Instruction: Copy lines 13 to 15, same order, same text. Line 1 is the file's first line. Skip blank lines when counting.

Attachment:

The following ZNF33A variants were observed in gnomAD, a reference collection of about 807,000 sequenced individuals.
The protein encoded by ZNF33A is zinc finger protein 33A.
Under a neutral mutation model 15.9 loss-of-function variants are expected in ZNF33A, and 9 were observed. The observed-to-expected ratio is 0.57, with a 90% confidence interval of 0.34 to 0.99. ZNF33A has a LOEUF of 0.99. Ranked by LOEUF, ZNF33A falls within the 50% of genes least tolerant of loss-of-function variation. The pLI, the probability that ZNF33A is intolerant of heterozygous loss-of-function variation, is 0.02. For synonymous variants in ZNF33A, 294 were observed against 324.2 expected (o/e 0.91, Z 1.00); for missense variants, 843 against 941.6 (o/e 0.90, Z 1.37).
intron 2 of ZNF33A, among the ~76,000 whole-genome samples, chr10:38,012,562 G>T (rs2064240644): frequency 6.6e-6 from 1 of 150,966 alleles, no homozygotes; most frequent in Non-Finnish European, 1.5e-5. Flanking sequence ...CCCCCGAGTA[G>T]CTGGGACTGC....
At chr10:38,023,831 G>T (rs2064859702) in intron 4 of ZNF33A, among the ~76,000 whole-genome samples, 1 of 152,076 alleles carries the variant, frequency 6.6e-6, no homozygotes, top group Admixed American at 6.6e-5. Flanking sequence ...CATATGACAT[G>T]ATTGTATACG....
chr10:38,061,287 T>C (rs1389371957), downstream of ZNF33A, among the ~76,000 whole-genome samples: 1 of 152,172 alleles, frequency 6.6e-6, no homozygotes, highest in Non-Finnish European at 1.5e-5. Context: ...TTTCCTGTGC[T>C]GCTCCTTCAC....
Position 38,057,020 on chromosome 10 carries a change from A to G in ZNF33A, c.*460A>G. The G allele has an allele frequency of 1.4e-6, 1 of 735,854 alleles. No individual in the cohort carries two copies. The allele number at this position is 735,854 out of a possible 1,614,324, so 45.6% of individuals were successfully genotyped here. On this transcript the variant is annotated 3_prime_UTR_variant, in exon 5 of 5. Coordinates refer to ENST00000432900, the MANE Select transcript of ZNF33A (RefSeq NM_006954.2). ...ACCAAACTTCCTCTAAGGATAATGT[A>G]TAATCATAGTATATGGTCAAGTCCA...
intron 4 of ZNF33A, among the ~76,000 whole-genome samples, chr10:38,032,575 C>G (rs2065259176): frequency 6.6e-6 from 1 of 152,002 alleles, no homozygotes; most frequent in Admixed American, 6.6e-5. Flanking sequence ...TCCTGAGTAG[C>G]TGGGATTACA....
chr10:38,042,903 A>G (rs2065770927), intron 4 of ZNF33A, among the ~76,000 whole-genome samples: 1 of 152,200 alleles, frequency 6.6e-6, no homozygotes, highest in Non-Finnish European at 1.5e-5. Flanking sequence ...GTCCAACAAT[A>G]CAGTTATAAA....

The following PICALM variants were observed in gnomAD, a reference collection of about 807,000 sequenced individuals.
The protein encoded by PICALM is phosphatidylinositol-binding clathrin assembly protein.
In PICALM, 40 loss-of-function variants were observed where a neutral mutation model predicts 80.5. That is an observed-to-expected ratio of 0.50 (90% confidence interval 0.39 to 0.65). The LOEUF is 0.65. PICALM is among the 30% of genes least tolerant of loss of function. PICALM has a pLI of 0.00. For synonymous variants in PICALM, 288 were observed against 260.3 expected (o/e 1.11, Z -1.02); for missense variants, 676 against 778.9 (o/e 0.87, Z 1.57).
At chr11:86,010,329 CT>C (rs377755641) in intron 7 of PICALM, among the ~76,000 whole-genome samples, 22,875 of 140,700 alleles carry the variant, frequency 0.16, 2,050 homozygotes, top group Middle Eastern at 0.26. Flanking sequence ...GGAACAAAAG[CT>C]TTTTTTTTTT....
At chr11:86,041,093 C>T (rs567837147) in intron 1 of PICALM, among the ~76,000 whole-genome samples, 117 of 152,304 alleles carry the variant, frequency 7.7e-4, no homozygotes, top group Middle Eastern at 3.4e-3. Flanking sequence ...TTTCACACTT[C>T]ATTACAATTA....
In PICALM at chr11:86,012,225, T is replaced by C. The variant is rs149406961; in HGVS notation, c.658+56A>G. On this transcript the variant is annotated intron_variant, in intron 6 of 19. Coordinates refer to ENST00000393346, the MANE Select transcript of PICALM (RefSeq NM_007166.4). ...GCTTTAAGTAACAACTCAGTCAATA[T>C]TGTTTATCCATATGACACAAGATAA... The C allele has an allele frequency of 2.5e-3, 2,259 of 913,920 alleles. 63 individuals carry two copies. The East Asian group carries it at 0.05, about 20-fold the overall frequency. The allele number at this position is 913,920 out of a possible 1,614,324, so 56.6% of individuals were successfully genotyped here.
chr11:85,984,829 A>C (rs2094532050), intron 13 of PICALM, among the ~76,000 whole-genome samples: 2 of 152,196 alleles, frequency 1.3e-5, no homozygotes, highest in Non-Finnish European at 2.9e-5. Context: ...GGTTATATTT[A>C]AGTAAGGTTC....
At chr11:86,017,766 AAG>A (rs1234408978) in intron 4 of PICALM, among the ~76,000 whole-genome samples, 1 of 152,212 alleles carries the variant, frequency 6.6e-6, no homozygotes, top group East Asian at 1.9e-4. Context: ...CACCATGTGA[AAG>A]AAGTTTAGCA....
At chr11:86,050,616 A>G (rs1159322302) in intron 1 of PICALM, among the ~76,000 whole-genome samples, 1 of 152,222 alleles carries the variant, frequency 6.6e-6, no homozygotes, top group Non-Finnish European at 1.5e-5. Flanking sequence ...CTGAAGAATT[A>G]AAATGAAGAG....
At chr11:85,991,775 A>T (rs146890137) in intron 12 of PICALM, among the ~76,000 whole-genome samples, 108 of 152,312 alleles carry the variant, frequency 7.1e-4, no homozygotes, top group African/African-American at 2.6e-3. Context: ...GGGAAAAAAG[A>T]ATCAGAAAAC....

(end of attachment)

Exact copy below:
At chr11:86,010,329 CT>C (rs377755641) in intron 7 of PICALM, among the ~76,000 whole-genome samples, 22,875 of 140,700 alleles carry the variant, frequency 0.16, 2,050 homozygotes, top group Middle Eastern at 0.26. Flanking sequence ...GGAACAAAAG[CT>C]TTTTTTTTTT....
At chr11:86,041,093 C>T (rs567837147) in intron 1 of PICALM, among the ~76,000 whole-genome samples, 117 of 152,304 alleles carry the variant, frequency 7.7e-4, no homozygotes, top group Middle Eastern at 3.4e-3. Flanking sequence ...TTTCACACTT[C>T]ATTACAATTA....
In PICALM at chr11:86,012,225, T is replaced by C. The variant is rs149406961; in HGVS notation, c.658+56A>G. On this transcript the variant is annotated intron_variant, in intron 6 of 19. Coordinates refer to ENST00000393346, the MANE Select transcript of PICALM (RefSeq NM_007166.4). ...GCTTTAAGTAACAACTCAGTCAATA[T>C]TGTTTATCCATATGACACAAGATAA... The C allele has an allele frequency of 2.5e-3, 2,259 of 913,920 alleles. 63 individuals carry two copies. The East Asian group carries it at 0.05, about 20-fold the overall frequency. The allele number at this position is 913,920 out of a possible 1,614,324, so 56.6% of individuals were successfully genotyped here.